based on a dataset in a mini batch. Further, I indicates the loss function, and is the function based on [eq. 3] or the like, for example, the function represented by the later-described [eq. 18], the later-described [eq. 21] depending on the algorithm, or the like. These expressions calculate an overall error (loss) based on an error between the first inference result when the correct answer data is inputted to the data discriminator and a true value (a first partial error) and an error between the second inference result when the false data is inputted to the data discriminator and a false value (a second partial error). For example, a first term of [eq. 3] indicates the error between the first inference result and the true value, and a second term thereof indicates the error between the second inference result and the false value, and the loss is calculated by finding the sum of these. The update indicated by [eq. 17] is based on an update by a typical SGD excluding use of the spectral normalized weight matrix W/SNl
. When the learning is performed by mini batch learning or the like, the weight matrix may be further updated based on an output from each mini batch. The update of the weight matrix based on the output from each mini batch is performed by a general method.
Next, whether or not to end the optimization is judged (S112). The end of the optimization is judged based on, for example, updating weight matrices in all layers, ending a predetermined number of epochs, an evaluation function satisfying a predetermined condition, the loss function satisfying a predetermined condition, and the like. When the learning such as the batch learning or the mini batch learning is performed, whether or not to end the learning with respect to required data may be judged.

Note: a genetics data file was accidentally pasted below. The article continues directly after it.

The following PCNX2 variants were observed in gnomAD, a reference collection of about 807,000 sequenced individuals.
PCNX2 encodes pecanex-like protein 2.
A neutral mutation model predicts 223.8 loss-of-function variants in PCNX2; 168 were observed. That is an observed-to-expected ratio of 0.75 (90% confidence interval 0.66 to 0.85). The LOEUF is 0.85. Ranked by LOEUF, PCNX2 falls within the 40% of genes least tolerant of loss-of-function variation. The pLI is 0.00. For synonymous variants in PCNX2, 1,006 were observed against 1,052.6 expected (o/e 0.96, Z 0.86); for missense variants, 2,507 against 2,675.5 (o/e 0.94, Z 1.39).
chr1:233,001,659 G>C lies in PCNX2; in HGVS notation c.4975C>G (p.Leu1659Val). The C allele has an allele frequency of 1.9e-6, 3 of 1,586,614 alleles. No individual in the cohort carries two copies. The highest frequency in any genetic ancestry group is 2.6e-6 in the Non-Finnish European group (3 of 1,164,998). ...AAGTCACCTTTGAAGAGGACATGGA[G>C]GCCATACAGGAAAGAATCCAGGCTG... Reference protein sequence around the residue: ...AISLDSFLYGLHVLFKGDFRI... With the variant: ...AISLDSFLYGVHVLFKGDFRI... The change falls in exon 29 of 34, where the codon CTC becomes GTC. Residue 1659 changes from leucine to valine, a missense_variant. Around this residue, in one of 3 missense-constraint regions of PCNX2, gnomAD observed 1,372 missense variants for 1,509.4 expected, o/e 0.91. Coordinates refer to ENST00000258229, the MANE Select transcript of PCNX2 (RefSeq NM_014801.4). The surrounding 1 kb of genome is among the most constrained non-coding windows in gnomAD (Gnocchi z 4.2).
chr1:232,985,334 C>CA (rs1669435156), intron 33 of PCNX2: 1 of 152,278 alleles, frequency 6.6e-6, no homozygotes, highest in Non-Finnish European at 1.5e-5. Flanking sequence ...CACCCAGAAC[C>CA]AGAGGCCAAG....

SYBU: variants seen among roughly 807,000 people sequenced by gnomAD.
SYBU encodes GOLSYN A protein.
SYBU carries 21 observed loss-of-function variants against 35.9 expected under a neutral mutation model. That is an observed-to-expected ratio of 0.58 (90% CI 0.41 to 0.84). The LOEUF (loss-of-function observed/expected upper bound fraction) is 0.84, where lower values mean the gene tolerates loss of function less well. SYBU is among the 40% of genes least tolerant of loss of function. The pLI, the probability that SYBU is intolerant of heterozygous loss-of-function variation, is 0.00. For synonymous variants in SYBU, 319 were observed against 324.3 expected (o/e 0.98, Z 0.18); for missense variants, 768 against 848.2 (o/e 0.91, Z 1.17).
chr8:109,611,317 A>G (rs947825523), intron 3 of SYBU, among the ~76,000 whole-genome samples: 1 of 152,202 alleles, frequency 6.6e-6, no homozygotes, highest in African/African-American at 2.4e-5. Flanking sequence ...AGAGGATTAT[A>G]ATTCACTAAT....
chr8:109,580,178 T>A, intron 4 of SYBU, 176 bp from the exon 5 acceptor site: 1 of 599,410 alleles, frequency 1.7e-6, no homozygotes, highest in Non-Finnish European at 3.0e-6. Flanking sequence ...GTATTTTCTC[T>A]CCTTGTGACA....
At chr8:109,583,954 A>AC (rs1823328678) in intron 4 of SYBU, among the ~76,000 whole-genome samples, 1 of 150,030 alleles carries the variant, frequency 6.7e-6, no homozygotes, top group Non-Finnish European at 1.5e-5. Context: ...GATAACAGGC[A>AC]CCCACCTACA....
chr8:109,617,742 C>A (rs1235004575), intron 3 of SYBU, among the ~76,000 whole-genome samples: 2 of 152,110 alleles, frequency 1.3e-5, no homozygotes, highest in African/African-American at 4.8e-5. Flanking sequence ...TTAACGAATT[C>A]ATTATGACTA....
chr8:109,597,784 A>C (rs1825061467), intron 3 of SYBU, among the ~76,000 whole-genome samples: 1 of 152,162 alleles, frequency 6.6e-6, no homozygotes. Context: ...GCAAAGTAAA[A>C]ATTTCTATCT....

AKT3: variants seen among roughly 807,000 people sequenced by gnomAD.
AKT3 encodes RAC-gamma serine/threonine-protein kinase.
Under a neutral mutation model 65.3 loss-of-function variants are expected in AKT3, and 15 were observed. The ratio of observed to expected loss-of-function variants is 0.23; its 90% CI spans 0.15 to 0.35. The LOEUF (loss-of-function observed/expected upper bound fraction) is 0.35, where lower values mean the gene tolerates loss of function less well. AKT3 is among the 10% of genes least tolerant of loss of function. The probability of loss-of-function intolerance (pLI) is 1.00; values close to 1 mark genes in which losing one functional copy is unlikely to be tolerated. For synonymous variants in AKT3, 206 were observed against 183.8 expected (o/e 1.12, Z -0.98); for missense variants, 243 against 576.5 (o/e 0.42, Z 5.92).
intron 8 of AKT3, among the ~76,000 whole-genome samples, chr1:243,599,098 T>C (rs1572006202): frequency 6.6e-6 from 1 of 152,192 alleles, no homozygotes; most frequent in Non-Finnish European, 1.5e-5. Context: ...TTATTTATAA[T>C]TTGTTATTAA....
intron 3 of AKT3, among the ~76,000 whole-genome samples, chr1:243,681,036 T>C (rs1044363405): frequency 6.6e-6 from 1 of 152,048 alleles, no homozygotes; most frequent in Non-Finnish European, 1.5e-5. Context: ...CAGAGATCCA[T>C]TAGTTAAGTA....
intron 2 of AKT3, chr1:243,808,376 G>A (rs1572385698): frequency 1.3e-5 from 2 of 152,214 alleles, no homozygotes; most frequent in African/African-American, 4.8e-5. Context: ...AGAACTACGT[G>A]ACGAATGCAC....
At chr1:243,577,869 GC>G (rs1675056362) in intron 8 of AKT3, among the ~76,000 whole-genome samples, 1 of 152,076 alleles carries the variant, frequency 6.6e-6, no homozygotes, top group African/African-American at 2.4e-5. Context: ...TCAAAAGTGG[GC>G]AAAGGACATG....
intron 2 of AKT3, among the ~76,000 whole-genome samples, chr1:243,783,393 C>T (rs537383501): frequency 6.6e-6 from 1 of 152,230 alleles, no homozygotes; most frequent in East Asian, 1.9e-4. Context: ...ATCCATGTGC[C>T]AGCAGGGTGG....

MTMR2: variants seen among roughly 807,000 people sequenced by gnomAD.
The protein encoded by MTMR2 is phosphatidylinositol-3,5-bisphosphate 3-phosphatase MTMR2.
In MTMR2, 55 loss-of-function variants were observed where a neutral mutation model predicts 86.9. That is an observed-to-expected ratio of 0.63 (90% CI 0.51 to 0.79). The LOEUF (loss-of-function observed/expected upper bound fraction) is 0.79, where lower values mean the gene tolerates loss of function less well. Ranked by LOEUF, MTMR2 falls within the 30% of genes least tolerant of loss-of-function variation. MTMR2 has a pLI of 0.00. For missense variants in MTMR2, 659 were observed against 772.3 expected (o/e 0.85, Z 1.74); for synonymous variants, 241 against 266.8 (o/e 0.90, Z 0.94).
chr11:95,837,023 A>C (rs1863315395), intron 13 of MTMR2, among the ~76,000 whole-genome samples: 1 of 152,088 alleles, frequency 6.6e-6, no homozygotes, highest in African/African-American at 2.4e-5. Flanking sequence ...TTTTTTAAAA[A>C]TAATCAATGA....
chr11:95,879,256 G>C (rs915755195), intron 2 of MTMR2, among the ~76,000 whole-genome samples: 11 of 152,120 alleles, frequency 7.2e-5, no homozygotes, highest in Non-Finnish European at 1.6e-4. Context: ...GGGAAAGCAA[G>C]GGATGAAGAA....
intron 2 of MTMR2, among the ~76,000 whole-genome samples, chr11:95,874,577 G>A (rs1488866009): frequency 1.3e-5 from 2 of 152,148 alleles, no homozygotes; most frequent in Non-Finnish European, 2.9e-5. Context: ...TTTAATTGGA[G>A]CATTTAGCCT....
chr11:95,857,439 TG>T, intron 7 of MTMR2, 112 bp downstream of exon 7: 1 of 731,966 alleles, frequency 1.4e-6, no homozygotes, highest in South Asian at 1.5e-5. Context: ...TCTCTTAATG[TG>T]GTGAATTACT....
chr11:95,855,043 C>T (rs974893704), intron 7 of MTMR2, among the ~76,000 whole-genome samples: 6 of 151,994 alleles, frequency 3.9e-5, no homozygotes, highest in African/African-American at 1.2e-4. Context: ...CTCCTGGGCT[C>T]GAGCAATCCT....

For example, when the weight matrices are not updated in all the layers, the update of the weight matrix in the previous layer is continued by propagating the calculated error backward. In a case after updating the weight matrices in all the layers with respect to all mini batches in an epoch, whether or not the number of epochs reaches the predetermined number of times is judged, and the training is ended or continued. In S112 in Fig. 1, end conditions at different levels are collectively mentioned, but as a matter of course, the end conditions of the optimization may be set in more details, and the flowchart can be construed as a nested loop.